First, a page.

Throughout the process of growing up, your child may be faced with many emotions that he cannot interpret, and relationships that he is learning to maintain. The first social experience that he will have is the relationship with his parents. This relationship will form the basis for his future relationships, and will determine how he maintains those relationships. As he approaches 16 – 18 months, he develops stranger anxiety as he starts being able to discern between his caregivers and strangers. This phase can last up to a year, until the child is able to understand that despite his caregivers leaving, they will come back to him.
When handling children, we need to be extremely careful. As they are still very young and are learning to express themselves, they may sometimes end up throwing temper tantrums, which can frustrate parents a lot. One way that you can help your child is to talk to them and help them interpret the emotion that they are feeling. For example, if your child is crying and is yelling, talk to him in a soft voice and say, “I see that you are feeling really upset. Will you like to let me know what happened so that I can help make it better for you?” This reflects respect for the child and you can also help your child to understand about his own emotions better.
Albert Bandura came up with the social learning theory, which supports that children do not learn things just through external reinforcement, but also through intrinsic reinforcements. They need to have a sense of pride in what they do, and that will lead to learning. Observation and imitation are also some ways that they can learn when they interact with other people. In this case, encourage your child to build relationships with their peers and adults. Empathy can develop in your child from as young as 18 months. Model the correct behavior that they should treat their friends, and your child will gradually pick up these skills from you.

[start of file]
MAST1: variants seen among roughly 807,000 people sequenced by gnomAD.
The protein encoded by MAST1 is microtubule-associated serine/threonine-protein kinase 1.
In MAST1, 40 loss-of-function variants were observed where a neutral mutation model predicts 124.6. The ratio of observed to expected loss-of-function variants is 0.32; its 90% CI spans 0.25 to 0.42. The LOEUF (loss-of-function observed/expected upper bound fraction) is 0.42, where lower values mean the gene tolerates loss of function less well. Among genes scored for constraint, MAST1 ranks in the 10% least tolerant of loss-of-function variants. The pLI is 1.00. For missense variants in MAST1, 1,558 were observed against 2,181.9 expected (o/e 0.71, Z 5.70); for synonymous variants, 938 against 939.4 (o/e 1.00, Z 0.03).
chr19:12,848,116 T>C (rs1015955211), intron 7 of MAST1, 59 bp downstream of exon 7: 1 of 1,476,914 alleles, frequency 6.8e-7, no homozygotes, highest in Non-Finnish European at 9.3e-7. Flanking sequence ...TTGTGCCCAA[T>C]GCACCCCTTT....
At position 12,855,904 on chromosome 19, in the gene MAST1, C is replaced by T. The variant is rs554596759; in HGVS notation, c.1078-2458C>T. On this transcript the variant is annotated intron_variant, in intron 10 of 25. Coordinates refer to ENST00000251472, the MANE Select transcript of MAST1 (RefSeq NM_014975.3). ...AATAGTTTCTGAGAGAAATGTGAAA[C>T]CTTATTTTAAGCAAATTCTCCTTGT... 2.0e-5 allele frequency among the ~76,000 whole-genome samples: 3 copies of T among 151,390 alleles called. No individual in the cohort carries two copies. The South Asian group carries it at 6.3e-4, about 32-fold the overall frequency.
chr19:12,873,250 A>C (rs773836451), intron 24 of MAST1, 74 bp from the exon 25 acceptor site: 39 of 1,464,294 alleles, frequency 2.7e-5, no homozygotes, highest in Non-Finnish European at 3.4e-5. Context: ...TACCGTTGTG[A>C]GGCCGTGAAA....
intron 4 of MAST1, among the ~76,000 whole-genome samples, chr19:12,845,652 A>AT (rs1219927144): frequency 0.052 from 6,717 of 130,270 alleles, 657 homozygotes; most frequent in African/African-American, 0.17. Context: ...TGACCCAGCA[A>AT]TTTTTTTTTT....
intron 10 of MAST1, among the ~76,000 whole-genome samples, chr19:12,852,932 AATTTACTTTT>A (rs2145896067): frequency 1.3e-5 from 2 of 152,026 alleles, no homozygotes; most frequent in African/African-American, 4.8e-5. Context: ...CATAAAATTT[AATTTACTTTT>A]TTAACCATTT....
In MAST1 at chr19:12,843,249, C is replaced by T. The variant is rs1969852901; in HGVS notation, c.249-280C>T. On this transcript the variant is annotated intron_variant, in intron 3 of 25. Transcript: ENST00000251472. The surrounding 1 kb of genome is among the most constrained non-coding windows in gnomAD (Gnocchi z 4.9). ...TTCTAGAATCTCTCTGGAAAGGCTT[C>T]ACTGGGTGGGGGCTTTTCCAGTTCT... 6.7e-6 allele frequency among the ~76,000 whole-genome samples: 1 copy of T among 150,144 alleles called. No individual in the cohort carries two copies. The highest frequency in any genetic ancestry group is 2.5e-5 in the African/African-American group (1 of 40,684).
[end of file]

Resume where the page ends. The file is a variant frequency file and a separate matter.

As your child starts to understand about his emotions, he will also start to be better at taking other people’s perspectives and what their limits are. Be sure to explain to your child about what are the appropriate behaviors they should have with others, so that they can build better relationships.
Note: Developmental milestones act as a guideline for parents and early childhood professionals to gauge children’s growth at different ages. These milestones should be followed with care, as they may vary according to each child’s culture, abilities and exposure. Children may sometimes take a longer time to reach certain milestones, as they require more time to refine their current skills. However, if a child seems to be lacking in several areas and parents do notice that the child is facing difficulties in several aspects, it may be beneficial if a pediatrician or professional’s advice is sought.
Written by Pei Lin
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